The Internet has brought a wave of communication, instant access, and other elements of the digital life. Netflix is now used by many as an alternative to traditional film rentals. Americans have grown to love BBC programs like Sherlock, Doctor Who, and Top Gear. Likewise, those of the British Commonwealth enjoy shows and services available exclusively to U.S. viewers. Not everything in this digital world is equal, but there’s a way to change that. A small tool called Tunlr enables users to use services internationally, no matter the location. I’m going to show you how to use it to listen to Pandora or use the BBC’s Web site wherever you are.Read More…
  • Computer Skills
    How to Create a Keyboard Shortcut for Menu Items EverywhereKeyboard2
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    Keyboard shortcuts are an awesome way to improve your productivity and the swiftness with which you move through certain tasks. They are a valuable asset to quick navigation by default, but isn’t it disappointing when a menu item doesn’t have a shortcut? Let's learn how to add one.Read More…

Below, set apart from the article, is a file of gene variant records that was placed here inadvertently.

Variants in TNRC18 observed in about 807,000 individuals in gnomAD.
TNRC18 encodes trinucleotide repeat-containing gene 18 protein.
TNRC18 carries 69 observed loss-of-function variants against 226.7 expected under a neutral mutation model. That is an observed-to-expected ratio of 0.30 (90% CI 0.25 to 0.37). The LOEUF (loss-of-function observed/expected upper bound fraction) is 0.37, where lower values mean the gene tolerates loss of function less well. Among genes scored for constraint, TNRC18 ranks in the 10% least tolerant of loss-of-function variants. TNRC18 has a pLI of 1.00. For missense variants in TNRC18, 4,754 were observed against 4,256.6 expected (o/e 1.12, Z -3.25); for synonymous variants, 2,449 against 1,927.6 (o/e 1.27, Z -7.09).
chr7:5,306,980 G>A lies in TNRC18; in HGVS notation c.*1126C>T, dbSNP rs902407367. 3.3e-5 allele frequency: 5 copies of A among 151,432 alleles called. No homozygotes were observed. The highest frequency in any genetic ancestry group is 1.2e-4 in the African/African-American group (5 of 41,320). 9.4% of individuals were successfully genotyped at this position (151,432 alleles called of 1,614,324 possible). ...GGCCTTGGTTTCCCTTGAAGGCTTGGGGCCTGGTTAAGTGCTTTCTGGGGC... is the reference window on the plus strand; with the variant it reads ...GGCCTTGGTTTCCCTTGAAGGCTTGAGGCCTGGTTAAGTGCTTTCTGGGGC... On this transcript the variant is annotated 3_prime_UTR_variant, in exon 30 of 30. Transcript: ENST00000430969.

• Computer Skills
    The Dock's Hidden TreasuresThedock
    The Dock is an essential part of OS X. It’s been there since the beginning (of OS X, that is) and people use it daily for opening their favorite apps. Interestingly enough, Apple brought in an alternative called Launchpad with the release of 10.7 Lion. This isn’t what one could call a replacement for the Dock, but it can be an alternative if you use it correctly. The topic at hand today, however, is the classic navigation scheme on a Mac. I’m going to take a look at all the little hidden features that the Dock has — things you probably never noticed or mistakenly discovered.Read More…